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bird's rape, bird-rape, canola, common mustard, field-mustard, rape, rapeseed, turnip, turnip-rape, wild-rape, wild-turnip

African mustard, Asian mustard, mustard, sahara mustard

Habit Annuals or biennials; (roots fleshy or slender); (green to slightly glaucous), glabrous or sparsely hairy. Annuals; densely hirsute proximally, glabrescent distally.
Stems

unbranched or branched distally, 3–10 dm.

usually branched basally, (widely) branched distally, (1–)3–7(–10) dm.

Basal leaves

petiole (winged), (1–)2–10(–17) cm;

blade ± lyrate-pinnatifid to pinnate to pinnatisect, (5–)10–40(–60) cm × 30–100(–200) mm, (margins sinuate-dentate, sometimes ciliate), lobes 2–4(–6) each side, (terminal lobe oblong-obovate, obtuse, large, blade surfaces usually setose).

(rosettes persistent);

petiole (broad) 2–10 cm;

blade lyrate to pinnatisect, 2–30 cm × 10–50(–100) mm, (margins serrate-dentate), 4–10 lobes each side.

Cauline leaves

(middle and distal) sessile;

base auriculate to amplexicaul, (margins subentire).

sessile;

blade (reduced in size distally, distalmost bractlike), base tapered, not auriculate or amplexicaul.

Racemes

not paniculately branched, (with open flowers overtopping or equal to buds).

not paniculately branched.

Flowers

sepals (3–)4–6.5(–8) × 1.5–2 mm;

petals deep yellow to yellow, obovate, 6–11(–13) × (2.5–)3–6(–7) mm, claw 3–7 mm, apex rounded;

filaments 4–6(–7) mm;

anthers 1.5–2 mm.

sepals 5–4.5 × 1–1.5 mm;

petals pale yellow, fading or, sometimes, white, oblanceolate, 4–7 × 1.5–2(–2.5) mm, claw 1–3 mm, apex rounded;

filaments 2.5–4 mm;

anthers 1–1.3 mm;

gynophore to 1 mm.

Fruiting pedicels

ascending to spreading, (5–)10–25(–30) mm.

widely spreading, 8–15 mm.

Fruits

ascending to somewhat spreading, torulose, terete, (2–)3–8(–11) cm × 2–4(–5) mm;

valvular segment with 8–15 seeds per locule, (1.3–)2–5(–7.5) cm, terminal segment seedless, 8–22 mm.

(shortly stipitate); widely spreading to ascending (not appressed to rachis), torulose, cylindric, 3–7 cm × 2–4(–5) mm;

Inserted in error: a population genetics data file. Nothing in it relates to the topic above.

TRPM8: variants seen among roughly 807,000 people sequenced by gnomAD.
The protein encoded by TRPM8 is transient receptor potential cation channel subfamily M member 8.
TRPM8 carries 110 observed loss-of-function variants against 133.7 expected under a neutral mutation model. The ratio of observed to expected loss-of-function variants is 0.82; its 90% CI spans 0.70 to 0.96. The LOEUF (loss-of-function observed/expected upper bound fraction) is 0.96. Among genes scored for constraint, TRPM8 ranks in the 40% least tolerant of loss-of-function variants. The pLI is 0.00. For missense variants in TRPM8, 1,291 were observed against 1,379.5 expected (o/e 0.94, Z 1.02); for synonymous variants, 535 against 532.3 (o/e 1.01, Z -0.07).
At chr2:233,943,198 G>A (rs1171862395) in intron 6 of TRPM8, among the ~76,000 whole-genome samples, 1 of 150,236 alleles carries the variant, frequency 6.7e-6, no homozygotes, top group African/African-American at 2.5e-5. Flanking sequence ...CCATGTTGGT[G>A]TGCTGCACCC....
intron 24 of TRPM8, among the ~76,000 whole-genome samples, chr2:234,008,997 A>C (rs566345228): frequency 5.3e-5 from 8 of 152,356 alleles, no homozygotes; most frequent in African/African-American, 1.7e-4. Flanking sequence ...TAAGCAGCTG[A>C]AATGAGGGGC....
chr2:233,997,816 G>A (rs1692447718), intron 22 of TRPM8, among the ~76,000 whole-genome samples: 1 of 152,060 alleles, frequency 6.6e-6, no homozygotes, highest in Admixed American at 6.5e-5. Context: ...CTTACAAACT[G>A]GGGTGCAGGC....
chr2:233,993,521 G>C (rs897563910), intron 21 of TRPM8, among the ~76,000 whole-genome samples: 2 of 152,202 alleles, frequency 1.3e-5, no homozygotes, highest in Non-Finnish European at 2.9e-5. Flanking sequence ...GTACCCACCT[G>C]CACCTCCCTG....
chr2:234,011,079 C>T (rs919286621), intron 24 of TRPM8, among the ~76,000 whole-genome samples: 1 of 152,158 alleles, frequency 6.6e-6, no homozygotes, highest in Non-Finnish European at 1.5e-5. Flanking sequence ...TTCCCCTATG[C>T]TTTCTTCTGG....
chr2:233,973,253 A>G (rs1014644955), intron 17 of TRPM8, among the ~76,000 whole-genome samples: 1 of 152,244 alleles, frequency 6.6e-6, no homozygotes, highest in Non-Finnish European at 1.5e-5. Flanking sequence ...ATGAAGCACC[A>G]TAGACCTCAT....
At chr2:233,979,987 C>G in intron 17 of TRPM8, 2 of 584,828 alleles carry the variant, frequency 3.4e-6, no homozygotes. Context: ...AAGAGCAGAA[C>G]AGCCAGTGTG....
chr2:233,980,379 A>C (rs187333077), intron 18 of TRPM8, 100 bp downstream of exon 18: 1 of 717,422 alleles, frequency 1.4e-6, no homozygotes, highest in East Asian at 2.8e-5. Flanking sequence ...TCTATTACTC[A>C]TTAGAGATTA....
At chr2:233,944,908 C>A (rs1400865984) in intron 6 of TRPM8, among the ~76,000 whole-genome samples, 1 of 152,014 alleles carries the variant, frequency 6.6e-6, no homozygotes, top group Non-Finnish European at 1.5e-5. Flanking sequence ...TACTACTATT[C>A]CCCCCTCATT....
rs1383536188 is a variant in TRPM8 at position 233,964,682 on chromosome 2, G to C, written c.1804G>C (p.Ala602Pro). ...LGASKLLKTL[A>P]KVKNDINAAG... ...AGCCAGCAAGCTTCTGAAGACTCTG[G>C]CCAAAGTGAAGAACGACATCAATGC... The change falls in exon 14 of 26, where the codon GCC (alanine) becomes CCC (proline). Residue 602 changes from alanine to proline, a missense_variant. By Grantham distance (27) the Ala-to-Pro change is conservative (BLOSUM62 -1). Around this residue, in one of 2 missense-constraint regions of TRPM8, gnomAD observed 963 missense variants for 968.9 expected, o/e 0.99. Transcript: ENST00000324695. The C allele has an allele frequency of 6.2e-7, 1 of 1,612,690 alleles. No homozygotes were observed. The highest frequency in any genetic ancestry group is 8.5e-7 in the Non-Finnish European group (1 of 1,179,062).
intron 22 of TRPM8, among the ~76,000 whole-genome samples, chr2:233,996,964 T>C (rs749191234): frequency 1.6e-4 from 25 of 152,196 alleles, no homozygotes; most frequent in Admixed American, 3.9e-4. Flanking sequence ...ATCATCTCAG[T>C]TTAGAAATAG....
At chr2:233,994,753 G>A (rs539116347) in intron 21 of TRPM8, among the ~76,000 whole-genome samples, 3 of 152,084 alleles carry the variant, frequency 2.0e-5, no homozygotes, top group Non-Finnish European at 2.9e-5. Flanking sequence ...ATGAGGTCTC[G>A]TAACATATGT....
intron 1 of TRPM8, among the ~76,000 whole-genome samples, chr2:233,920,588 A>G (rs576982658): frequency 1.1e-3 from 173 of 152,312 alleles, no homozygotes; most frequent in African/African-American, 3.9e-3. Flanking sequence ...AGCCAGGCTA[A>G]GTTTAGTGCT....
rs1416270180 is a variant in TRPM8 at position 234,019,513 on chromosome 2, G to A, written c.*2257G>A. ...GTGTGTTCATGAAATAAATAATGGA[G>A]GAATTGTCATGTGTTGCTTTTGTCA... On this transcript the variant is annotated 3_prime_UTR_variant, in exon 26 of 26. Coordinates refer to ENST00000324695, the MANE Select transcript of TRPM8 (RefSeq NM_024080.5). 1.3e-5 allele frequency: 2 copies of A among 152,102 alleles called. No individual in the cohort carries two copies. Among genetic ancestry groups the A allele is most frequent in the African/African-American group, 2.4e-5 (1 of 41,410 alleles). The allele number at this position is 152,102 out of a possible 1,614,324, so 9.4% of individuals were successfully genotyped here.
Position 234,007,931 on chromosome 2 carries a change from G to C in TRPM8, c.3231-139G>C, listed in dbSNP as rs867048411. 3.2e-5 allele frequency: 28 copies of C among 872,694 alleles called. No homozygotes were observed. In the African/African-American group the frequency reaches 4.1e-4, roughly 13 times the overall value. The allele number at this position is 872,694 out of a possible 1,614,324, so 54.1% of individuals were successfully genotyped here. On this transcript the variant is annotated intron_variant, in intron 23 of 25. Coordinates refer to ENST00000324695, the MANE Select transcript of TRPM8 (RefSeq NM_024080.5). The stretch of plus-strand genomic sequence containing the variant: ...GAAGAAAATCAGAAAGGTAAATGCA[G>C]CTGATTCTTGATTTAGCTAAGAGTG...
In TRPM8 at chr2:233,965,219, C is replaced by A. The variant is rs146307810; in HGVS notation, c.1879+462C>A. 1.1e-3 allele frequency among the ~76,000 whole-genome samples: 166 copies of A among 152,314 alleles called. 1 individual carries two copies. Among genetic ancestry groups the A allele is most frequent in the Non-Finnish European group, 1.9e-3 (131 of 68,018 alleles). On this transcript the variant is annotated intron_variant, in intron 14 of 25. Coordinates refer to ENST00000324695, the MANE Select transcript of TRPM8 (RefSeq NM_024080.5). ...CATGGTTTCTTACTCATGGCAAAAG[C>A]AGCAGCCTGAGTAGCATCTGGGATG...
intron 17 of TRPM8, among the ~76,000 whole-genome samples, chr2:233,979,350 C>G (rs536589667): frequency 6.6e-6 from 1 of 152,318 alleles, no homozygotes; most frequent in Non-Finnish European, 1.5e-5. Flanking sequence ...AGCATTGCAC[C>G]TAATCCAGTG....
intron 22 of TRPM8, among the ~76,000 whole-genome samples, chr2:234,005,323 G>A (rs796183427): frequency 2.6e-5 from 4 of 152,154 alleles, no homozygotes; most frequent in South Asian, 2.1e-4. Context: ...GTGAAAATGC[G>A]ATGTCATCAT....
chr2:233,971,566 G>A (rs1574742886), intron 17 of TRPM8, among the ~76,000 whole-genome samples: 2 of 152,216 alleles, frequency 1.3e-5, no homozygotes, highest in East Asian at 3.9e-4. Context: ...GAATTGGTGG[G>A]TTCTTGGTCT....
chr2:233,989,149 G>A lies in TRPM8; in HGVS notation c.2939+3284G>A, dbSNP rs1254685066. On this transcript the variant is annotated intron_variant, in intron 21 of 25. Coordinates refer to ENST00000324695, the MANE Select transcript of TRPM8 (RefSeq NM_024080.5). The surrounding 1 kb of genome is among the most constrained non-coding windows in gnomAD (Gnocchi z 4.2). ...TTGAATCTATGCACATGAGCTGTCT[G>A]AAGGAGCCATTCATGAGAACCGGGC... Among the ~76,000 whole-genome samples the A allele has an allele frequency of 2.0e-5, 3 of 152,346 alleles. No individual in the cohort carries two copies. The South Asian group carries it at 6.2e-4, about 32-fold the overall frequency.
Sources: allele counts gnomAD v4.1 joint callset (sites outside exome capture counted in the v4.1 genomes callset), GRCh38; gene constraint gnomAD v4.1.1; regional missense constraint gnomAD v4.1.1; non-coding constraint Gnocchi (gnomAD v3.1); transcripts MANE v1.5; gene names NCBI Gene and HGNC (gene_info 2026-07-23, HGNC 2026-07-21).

valvular segment with 6–12(–15) seeds per locule, 2.2–5 cm, terminal segment 1(–3)-seeded, (cylindric, stout), 10–20 mm.

Seeds

black, brown, or reddish, 1.1–2 mm diam.;

seed coat very finely reticulate-lightly alveolate, not mucilaginous when wetted.

light reddish brown or black, 1–1.2 mm diam.;

seed coat prominently reticulate, mucilaginous when wetted.

2n

= 20.

= 20.

Brassica rapa

Brassica tournefortii

Phenology Flowering Apr–Sep. Flowering Feb–Apr.
Habitat Roadsides, disturbed areas and waste places, cultivated fields, grain fields, orchards, gardens Roadsides, waste places, old fields, washes, open desert areas intermixed with desert shrubs
Elevation 0-1500 m [0-4900 ft] 0-800 m [0-2600 ft]
Distribution
from FNA
AK; AL; AR; AZ; CA; CO; CT; DC; DE; FL; GA; IA; ID; IL; IN; KS; KY; LA; MA; MD; ME; MI; MN; MO; MS; MT; NC; ND; NE; NH; NJ; NM; NV; NY; OH; OK; OR; PA; RI; SC; SD; TN; TX; UT; VA; VT; WA; WI; WV; WY; AB; BC; MB; NB; NL; NS; NT; ON; PE; QC; SK; YT; Europe; Asia; Africa [Introduced in North America; introduced also in Mexico, West Indies, Central America, South America, Atlantic Islands, Australia]
[WildflowerSearch map]
[BONAP county map]
from FNA
AZ; CA; NV; TX; UT; Europe; Asia; Africa [Introduced in North America; introduced also in nw Mexico, Australia]
[WildflowerSearch map]
[BONAP county map]
Discussion

Brassica rapa is widely cultivated as an oil crop and vegetable, and cultivars, especially in Asia, have been recognized as species, subspecies, and varieties. The most important crops include: rapeseed or canola, turnip (subsp. rapa), Chinese mustard or pakchoi [subsp. chinensis (Linnaeus) Hanelt], and Chinese cabbage or petsai [subsp. pekinensis (Loureiro) Hanelt]. The species is also a widespread naturalized weed [subsp. sylvestris (Linnaeus) Janchen] throughout temperate North America and elsewhere. It is self-incompatible. Hybridization in the field in Europe has been described between B. napus and B. rapa (R. B. Jørgensen and B. Andersen 1994).

(Discussion copyrighted by Flora of North America; reprinted with permission.)

Brassica tournefortii was first reported from California (Imperial, Riverside, and western San Bernardino counties) by W. L. Jepson ([1923–1925]), with the first collections appearing from southern California in 1941 (R. C. Rollins and I. A. Al-Shehbaz 1986), Arizona in 1959 (T. H. Kearney and R. H. Peebles 1960), Nevada in 1977, and Texas in 1978 (D. E. Lemke and R. D. Worthington 1991).

(Discussion copyrighted by Flora of North America; reprinted with permission.)

Source FNA vol. 7, p. 423. FNA vol. 7, p. 424.
Parent taxa Brassicaceae > tribe Brassiceae > Brassica Brassicaceae > tribe Brassiceae > Brassica
Sibling taxa
B. elongata, B. fruticulosa, B. juncea, B. napus, B. nigra, B. oleracea, B. tournefortii
B. elongata, B. fruticulosa, B. juncea, B. napus, B. nigra, B. oleracea, B. rapa
Synonyms B. campestris, B. campestris var. oleifera, B. chinensis, B. pekinensis, B. rapa subsp. chinensis, B. rapa subsp. pekinensis, Sinapis pekinensis
Name authority Linnaeus: Sp. Pl. 2: 666. (1753) Gouan: Ill. Observ. Bot., 44, plate 20A. (1773)
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